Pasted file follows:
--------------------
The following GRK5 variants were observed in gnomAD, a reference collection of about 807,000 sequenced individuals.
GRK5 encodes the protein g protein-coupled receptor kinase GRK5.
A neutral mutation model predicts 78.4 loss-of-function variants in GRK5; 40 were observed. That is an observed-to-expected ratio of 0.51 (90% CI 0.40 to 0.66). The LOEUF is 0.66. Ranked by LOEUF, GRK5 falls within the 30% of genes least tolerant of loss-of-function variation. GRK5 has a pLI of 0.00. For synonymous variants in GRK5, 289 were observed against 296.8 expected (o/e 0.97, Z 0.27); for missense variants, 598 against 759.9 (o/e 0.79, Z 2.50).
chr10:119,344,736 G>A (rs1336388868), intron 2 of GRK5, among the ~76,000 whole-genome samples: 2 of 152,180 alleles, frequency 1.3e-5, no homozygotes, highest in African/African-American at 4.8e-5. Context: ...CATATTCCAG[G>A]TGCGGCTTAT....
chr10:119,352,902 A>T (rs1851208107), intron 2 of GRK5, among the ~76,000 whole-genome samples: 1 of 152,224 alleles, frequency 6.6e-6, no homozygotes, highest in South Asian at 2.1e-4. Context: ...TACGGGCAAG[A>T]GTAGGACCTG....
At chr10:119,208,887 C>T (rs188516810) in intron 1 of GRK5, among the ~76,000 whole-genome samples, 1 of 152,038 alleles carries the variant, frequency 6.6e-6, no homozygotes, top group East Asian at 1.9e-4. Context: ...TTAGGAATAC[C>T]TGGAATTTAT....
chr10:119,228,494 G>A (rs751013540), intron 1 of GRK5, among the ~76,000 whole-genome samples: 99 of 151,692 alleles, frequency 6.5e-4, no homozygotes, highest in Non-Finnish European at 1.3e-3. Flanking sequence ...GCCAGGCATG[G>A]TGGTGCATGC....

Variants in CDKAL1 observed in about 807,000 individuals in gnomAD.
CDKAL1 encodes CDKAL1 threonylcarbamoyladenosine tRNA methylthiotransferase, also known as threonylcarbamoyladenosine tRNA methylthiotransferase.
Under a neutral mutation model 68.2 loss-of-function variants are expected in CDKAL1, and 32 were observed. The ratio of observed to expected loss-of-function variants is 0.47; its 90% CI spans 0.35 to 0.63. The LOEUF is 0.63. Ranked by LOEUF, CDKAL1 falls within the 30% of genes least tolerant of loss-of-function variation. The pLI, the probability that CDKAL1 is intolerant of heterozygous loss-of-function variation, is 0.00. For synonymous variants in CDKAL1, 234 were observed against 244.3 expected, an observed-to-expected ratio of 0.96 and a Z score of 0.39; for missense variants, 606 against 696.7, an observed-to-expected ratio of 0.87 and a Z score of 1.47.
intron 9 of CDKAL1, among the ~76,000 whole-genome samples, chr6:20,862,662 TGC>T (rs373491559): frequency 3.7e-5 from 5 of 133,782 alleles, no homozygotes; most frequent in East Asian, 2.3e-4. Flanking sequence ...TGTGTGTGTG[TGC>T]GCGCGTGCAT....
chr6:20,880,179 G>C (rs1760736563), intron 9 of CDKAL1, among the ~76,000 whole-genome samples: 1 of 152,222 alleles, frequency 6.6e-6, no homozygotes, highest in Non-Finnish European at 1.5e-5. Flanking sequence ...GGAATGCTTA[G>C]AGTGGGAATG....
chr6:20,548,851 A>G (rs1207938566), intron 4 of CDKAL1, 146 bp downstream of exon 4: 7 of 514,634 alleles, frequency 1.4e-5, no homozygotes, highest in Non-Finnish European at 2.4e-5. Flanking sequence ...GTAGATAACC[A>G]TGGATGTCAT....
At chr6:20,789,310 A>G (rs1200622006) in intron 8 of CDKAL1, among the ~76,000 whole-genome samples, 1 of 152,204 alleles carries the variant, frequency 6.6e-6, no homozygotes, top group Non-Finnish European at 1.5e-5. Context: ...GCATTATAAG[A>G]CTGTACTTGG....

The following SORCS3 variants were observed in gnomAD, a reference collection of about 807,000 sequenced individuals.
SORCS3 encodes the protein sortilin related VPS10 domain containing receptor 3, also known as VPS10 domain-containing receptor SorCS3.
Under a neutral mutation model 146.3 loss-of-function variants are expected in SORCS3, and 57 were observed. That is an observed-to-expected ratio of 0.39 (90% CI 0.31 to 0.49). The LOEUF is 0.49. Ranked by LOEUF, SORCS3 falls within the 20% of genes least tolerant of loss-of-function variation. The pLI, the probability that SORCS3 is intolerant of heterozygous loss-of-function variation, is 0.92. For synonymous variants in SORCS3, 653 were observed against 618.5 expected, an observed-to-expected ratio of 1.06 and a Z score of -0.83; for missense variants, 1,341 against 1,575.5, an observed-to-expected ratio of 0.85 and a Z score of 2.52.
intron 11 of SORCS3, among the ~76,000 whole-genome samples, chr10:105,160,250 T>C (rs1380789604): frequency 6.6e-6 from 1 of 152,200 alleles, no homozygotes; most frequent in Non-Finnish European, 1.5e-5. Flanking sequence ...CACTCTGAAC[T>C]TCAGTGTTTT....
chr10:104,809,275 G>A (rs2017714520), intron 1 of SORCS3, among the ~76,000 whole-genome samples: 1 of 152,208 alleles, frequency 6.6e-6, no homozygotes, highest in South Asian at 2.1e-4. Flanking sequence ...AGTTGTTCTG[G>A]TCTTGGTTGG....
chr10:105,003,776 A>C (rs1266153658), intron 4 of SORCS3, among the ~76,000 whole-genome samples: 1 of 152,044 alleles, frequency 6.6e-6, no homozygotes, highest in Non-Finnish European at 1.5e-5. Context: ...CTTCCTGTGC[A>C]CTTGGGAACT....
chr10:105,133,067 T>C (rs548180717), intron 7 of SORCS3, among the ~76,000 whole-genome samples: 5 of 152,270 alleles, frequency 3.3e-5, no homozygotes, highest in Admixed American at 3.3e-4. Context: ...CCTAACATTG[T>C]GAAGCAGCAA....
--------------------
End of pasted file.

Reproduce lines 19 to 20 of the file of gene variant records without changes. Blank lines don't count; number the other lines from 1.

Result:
chr10:104,809,275 G>A (rs2017714520), intron 1 of SORCS3, among the ~76,000 whole-genome samples: 1 of 152,208 alleles, frequency 6.6e-6, no homozygotes, highest in South Asian at 2.1e-4. Flanking sequence ...AGTTGTTCTG[G>A]TCTTGGTTGG....
chr10:105,003,776 A>C (rs1266153658), intron 4 of SORCS3, among the ~76,000 whole-genome samples: 1 of 152,044 alleles, frequency 6.6e-6, no homozygotes, highest in Non-Finnish European at 1.5e-5. Context: ...CTTCCTGTGC[A>C]CTTGGGAACT....